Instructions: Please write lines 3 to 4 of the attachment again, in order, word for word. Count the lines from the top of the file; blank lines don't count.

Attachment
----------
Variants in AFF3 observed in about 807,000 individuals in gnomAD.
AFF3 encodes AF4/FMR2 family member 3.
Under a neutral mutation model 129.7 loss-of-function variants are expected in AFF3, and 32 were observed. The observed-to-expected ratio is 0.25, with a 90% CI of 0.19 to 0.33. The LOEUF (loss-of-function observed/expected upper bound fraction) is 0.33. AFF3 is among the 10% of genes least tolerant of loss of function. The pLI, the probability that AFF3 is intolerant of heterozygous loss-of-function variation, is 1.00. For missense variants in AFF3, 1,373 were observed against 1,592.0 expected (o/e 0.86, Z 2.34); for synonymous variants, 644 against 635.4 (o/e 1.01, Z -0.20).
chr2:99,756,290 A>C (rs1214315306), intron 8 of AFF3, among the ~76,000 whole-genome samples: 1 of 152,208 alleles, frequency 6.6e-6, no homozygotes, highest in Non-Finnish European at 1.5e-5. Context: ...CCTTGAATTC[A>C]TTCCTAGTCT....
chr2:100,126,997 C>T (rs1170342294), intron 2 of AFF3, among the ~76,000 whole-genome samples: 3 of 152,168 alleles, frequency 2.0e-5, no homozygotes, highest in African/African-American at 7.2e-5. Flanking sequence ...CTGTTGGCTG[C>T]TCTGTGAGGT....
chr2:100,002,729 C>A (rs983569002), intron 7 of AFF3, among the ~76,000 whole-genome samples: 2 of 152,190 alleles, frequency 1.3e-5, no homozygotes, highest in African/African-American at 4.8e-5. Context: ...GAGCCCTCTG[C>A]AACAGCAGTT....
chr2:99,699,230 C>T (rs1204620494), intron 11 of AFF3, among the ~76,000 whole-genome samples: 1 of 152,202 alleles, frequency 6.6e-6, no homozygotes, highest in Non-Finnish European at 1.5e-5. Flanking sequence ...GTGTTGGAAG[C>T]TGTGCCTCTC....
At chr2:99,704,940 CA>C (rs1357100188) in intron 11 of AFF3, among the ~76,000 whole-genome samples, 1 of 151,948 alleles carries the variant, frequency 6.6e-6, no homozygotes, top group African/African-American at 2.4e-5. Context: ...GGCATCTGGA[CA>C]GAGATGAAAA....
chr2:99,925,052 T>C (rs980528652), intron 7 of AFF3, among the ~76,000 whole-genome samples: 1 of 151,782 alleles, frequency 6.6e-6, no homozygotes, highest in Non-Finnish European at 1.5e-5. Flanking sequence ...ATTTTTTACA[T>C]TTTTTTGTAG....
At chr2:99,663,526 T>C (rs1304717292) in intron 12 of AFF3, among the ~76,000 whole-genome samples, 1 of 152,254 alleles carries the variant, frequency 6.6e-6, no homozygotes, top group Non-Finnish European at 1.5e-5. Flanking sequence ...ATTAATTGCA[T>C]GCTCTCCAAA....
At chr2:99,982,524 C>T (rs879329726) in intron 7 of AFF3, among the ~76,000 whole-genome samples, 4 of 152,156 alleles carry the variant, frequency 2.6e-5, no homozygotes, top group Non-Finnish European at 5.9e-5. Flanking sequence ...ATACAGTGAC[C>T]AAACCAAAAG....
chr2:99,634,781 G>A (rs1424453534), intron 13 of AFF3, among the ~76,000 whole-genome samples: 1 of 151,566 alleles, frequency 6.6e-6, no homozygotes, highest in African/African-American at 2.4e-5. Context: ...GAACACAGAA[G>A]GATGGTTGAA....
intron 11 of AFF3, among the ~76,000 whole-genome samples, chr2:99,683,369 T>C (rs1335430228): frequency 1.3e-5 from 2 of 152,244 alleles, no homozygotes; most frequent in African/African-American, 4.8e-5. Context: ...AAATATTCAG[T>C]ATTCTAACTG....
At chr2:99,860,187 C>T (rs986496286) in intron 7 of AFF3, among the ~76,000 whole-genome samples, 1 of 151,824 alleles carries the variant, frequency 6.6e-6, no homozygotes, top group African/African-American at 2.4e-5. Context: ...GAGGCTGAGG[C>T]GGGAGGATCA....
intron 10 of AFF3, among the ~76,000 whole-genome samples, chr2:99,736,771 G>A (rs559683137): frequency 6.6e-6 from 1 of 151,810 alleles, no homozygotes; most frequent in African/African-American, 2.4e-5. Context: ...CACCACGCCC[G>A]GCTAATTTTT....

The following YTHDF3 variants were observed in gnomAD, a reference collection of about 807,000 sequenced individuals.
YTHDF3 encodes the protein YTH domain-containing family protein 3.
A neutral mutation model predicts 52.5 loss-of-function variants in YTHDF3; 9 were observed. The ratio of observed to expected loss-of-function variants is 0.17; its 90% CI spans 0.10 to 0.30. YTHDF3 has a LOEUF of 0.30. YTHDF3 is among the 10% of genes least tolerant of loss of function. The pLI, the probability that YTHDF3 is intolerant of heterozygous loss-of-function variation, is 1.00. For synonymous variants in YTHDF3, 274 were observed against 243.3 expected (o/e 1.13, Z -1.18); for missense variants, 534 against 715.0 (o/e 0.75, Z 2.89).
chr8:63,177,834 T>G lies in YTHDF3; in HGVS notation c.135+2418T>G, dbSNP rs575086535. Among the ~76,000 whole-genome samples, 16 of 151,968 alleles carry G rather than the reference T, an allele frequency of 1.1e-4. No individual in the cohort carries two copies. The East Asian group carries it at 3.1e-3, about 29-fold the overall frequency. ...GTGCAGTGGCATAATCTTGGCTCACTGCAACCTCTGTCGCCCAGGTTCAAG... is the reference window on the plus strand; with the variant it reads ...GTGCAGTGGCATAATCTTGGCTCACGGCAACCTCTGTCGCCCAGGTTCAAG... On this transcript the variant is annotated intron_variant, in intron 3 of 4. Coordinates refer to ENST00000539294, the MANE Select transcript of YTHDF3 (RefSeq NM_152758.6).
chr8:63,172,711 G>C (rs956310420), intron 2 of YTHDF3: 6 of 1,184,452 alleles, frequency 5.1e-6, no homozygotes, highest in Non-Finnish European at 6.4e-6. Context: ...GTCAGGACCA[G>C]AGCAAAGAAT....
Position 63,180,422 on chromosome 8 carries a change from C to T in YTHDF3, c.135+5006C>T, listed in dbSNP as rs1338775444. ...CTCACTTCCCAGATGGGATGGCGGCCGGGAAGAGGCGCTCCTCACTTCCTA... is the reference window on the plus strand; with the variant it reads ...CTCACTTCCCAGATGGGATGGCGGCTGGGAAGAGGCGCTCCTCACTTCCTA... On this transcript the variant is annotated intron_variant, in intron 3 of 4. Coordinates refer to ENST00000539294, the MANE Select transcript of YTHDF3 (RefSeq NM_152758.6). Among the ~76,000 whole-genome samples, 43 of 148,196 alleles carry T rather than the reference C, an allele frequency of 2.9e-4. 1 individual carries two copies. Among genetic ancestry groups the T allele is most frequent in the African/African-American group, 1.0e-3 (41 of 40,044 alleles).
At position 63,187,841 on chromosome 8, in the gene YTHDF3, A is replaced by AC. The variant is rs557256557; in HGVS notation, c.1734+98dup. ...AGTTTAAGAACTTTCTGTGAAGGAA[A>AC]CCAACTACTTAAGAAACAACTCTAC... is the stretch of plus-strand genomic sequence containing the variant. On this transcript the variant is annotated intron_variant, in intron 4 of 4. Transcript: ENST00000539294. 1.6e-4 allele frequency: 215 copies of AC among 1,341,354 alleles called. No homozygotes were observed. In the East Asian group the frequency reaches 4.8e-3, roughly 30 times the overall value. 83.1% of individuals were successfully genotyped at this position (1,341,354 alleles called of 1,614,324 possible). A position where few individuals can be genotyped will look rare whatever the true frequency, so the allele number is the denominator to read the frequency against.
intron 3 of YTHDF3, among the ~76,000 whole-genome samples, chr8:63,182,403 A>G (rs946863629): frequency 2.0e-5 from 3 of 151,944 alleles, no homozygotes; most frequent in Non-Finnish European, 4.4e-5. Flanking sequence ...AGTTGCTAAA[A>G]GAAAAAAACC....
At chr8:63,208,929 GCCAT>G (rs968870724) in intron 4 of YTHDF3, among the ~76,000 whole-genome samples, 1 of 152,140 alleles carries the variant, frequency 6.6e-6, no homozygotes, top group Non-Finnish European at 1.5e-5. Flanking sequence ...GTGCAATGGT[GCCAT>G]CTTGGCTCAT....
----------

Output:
Under a neutral mutation model 129.7 loss-of-function variants are expected in AFF3, and 32 were observed. The observed-to-expected ratio is 0.25, with a 90% CI of 0.19 to 0.33. The LOEUF (loss-of-function observed/expected upper bound fraction) is 0.33. AFF3 is among the 10% of genes least tolerant of loss of function. The pLI, the probability that AFF3 is intolerant of heterozygous loss-of-function variation, is 1.00. For missense variants in AFF3, 1,373 were observed against 1,592.0 expected (o/e 0.86, Z 2.34); for synonymous variants, 644 against 635.4 (o/e 1.01, Z -0.20).
chr2:99,756,290 A>C (rs1214315306), intron 8 of AFF3, among the ~76,000 whole-genome samples: 1 of 152,208 alleles, frequency 6.6e-6, no homozygotes, highest in Non-Finnish European at 1.5e-5. Context: ...CCTTGAATTC[A>C]TTCCTAGTCT....